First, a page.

Last Wednesday, the Department of Defense finally announced that the "U.S. Cyber Command has achieved full operational capability." The Cyber Command will be "responsible for directing activities to operate and defend DoD networks," the release stated.
While we've heard a lot about the threat of cyber warfare, and the need for greater security, we haven't heard much about the people on the front line. Who are the cyberwarriors, and what will they do? I had an early glimpse into this world when I visited the provisional Cyber Command at Barksdale Air Force Base in Shreveport, Louisiana.
One morning, I drove in with three cyberwarriors to accompany them on the job. Just before six thirty they filed into the Cyber Command, past the guard dog sign, slipped on their headsets, and stared into the wall of flashing screens. They would stay here for eight hours. Their hours rotated including a recurring graveyard shift.
When trouble happened, the guys snapped into action with expert precision, rapidly assimilating the attack and simultaneously dispatching orders to the other cyber warriors. Lackland Air Force Base near San Antonia, Texas housed a large supporting team of cyber warriors. Often the guys’ order was the same: shut down the computer system being attacked, and find someway to reroute it. Mouse-skills were essential. “If you hesitate for a second,” one cyber warrior told me, “that could be the difference in a base going down.”
Or someone dying. Though a cyber warrior isn’t dodging bullets, he knows that someone across the world could perish if he messes up. Command and control would handle the finest details – from dispatching troops to locking down gates – over computer networks. If a hacker went undetected, false information disseminated across a network could send troops right into harm’s way. And that sense of service empowers the cyber warriors to stay on top of their game. “Lives are depending on us,” another told me.
The cyber warriors weren’t just doing their battle at these desks. As young guys living their lives online, their constantly scanning the threats. David McNulty, a tall and laser-eyed 24-year-old staff sergeant from Honolulu, Hawaii, was the team’s designated hero in another crucial domain: World of Warcraft, the massively multiplayer online computer game.
McNulty played in a guild called Exanimus, partly for fun, but also for a more patriotic reason, to embed himself with hackers and geeks who can blow the whistle on potential threats. Players in the Warcraft knew where McNulty worked, and frequently came to him to expose malicious activity. One day, he learned of a security hole in a firewall at Barksdale that was giving hackers free reign. McNulty snapped to attention, and shut the gap before it was too late. “Playing World of Warcraft gives me insight to the civilian sector that I wouldn’t otherwise get from here,” he told me.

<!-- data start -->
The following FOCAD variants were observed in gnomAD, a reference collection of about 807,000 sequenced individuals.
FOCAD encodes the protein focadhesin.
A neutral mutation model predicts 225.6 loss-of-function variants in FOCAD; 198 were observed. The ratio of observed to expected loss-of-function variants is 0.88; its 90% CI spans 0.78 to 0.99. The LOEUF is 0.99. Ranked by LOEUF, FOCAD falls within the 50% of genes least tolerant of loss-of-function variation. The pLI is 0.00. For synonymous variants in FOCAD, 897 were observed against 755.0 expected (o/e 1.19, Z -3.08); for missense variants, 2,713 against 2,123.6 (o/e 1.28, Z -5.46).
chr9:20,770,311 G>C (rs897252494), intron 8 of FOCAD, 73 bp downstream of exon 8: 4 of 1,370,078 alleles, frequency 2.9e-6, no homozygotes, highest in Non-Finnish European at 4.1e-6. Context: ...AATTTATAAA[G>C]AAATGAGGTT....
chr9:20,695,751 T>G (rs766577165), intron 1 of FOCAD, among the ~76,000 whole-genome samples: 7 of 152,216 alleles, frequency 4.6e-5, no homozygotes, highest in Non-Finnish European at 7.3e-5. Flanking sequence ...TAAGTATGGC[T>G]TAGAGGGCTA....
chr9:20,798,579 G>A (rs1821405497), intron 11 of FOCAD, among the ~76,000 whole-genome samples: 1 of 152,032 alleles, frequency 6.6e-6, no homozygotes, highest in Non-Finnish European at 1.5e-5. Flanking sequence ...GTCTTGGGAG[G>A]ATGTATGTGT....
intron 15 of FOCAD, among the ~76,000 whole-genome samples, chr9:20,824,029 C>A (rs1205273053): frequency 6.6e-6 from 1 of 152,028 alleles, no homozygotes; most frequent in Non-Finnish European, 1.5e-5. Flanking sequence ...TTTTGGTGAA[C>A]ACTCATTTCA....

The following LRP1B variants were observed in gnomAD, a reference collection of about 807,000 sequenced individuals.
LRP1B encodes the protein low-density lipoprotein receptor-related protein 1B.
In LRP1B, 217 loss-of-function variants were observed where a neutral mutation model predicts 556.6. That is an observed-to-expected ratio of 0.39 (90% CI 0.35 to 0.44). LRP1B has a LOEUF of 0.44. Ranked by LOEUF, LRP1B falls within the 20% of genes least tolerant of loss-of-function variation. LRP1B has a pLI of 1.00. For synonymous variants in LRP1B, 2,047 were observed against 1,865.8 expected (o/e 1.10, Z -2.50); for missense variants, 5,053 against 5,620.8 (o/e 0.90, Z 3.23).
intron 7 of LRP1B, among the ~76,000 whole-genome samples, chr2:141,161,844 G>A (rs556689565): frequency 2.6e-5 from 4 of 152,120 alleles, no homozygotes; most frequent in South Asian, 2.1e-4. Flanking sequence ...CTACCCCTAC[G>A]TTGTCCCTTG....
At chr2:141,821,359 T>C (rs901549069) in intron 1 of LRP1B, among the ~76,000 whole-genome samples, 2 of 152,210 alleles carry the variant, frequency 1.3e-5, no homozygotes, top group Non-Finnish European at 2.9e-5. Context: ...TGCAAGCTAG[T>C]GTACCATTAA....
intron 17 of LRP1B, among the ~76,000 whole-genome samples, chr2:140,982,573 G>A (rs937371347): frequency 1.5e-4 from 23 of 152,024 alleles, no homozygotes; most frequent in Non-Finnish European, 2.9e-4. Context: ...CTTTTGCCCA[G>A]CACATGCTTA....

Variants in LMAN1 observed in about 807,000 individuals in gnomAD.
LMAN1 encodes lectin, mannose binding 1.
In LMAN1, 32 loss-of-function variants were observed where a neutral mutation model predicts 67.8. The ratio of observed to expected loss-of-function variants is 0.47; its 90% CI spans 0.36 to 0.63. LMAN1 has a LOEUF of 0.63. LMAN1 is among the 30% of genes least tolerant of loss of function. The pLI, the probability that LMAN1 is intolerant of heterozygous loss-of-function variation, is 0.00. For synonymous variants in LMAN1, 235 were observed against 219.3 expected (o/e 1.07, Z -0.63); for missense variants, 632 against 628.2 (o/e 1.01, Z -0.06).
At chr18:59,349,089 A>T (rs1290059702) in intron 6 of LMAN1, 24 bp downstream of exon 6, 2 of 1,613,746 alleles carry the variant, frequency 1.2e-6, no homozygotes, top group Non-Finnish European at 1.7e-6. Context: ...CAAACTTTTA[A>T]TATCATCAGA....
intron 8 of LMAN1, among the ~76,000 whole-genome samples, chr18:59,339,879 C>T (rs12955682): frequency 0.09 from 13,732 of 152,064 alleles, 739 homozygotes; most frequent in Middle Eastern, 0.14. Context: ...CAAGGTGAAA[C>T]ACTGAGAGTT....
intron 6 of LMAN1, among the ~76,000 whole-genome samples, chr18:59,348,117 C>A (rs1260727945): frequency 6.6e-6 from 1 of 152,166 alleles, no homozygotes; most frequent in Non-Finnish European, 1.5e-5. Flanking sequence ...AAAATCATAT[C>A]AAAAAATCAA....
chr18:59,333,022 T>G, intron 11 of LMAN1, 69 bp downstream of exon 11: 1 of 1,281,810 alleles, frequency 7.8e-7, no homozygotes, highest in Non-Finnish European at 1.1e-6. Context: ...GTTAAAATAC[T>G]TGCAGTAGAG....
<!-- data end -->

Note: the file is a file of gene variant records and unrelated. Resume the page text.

For McNulty and the rest, much of the day-to-day appeal in fighting the cyber war provided the thrill of these sort of meta war games. They’re like kids in arcades with the ultimate weapons and gizmos at their disposal. But as the military knows, recruiting and retaining skilled geeks in the age of Silicon Valley billionaire babies is one of the biggest threats to national security of all.
The military has been trying to harness popular technologies to lure – and train - war gamers into their fold for decades. Games from Battlezone in the 1980s to Doom in the 1990s have been modified for troop exercises. Then the Army teamed with hotshot videogame development companies to churn out games like Full Spectrum Warrior and the shooter America’s Army. Later the Army launched a new unit, Training and Doctrine Command’s Project Office for Gaming, which takes this to the new logical step: equipping soldiers with the ability to develop their own videogame simulations of warfare scenarios for training.
But convincing this generation to enlist is extra tough when they could be using their same brains to make millions in Silicon Valley. Some of the guys make no bones about their motivation for being here – to get the skills and find a high paying job as a civilian. One of the things they get with their training is the super-sweet security clearance – Top Secret. This clearance is valuably marketable in the commercial sector, where banks and other corporations are desperate for nimble geeks who can protect them for their own cyber attacks.
David Kushner is the author of many books, including Masters of Doom, Jonny Magic & the Card Shark Kids, Levittown, The Bones of Marianna, and Alligator Candy. A contributing editor of Rolling Stone, he has written for publications including The New Yorker, Vanity Fair, Wired, and The New York Times Magazine.